Can Democracy Work?: A Short History of a Radical Idea, From Ancient Athens to Our World by James Miller

The question in the title implies that democracy hardly ever works as it’s supposed to. That is one of the author’s conclusions. Another is that, even though the trend toward more democracy in the world has reversed in recent years, “government of the people, by the people, for the people shall not perish from the earth”.

The book begins with chapters on the ups and downs of Athenian democracy, the French Revolution, and America between the revolution and the Civil War. Next there are two chapters that summarize developments in Europe, America and Russia, including the Chartist working class movement in Britain; the Paris Commune of 1871 and the Russian Revolution. Woodrow Wilson’s academic writings on government and his efforts to make the world “safe for democracy” receive special attention, as do public opinion polls and the practitioners of “public relations”. The final chapter deals with recent events, beginning with the election of our current president and the mass demonstrations that immediately followed his inauguration. It concludes with an examination of “the advance and retreat of democracy worldwide”.

Throughout the book, Miller analyzes the tension between democratic ideals and the reality of governing a population that couldn’t fit into a traditional New England meeting house. How should the “will of the people” be discovered? How much leeway should the people’s representatives and other government officials have, since the voters cannot and should not make every decision? Miller also points out that there is much more to democracy than simply counting votes. A free press is necessary, for example. So is the right to a decent education. Given the complexity of the modern world, the absurdly unequal distribution of wealth, the amount of secrecy governments practice, and the manipulation and disinformation we are all subjected to, nobody should be surprised that democracy often seems inadequate to the role it’s supposed to perform.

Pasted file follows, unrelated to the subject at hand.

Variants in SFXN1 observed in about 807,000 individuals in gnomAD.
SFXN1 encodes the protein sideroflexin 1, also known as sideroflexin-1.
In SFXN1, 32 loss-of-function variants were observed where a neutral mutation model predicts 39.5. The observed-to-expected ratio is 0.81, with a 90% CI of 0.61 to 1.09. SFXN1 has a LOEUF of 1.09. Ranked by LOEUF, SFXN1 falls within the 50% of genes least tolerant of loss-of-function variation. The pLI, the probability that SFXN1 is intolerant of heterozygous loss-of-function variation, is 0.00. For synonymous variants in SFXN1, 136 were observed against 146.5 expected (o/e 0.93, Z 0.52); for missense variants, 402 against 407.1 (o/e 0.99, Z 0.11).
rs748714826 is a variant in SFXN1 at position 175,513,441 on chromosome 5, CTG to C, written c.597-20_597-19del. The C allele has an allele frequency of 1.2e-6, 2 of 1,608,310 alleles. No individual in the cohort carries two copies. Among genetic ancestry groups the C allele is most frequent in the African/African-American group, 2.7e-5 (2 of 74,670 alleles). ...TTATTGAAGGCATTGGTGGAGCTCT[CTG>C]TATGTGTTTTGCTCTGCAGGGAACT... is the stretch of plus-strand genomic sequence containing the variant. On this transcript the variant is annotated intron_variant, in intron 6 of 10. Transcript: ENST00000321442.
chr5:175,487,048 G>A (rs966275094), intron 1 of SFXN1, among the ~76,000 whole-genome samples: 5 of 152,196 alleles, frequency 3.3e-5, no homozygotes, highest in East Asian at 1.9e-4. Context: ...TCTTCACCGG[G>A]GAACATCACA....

I’ll finish with two quotations from the book that are especially relevant to our current situation.

In 2004, the political scientist Samuel Huntington “analyzed what he took to be the long-term implications of demographic and cultural trends on America’s sense of national identity”. He argued that “one very plausible reaction” to the declining “hold of white, Anglo-Saxon, Protestant men on the levers of political power” would be:

the emergence of exclusivist sociopolitical movements composed largely but not only of white males, protesting and attempting to stop or reverse these changes and what they believe, accurately or not, to be the diminution of their social and economic status, their loss of jobs to immigrants and foreign countries, the perversion of their culture, the displacement of their language, and the erosion or even evaporation of the historical identity of their country. Such movements would be both racially and culturally inspired and could be anti-Hispanic, anti-black and anti-immigration. They would be the heir to the many comparable exclusivist racial and anti-foreign movements that helped define American identity in the past [and] have enough in common to be brought together under the label “white nativism” [224-225].

The second quotation is from Václav Havel, the Czech dissident and eventual president of Czechoslovakia and the Czech Republic, writing in 1991:

“I am convinced,” Havel remarked, “that we will never build a democratic state based on rule of law if we do not at the same time build a state that is … humane, moral, intellectual and spiritual, and cultural. The best laws and best-conceived democratic mechanisms will not in themselves guarantee legality or freedom or human rights — anything, in short, for which they were intended — if they are not underpinned by certain human and social values”. And here Havel is insistent: “I feel that the dormant goodwill in people needs to be stirred. People need to hear that it makes sense to behave decently or to help others, to place common interests above their own, to respect the elementary rules of human coexistence” [243].

Or a substantial minority of white nativists could use supposedly democratic procedures to elect a person who never places common interests above his own and is blatantly contemptuous of democracy and the rule of law.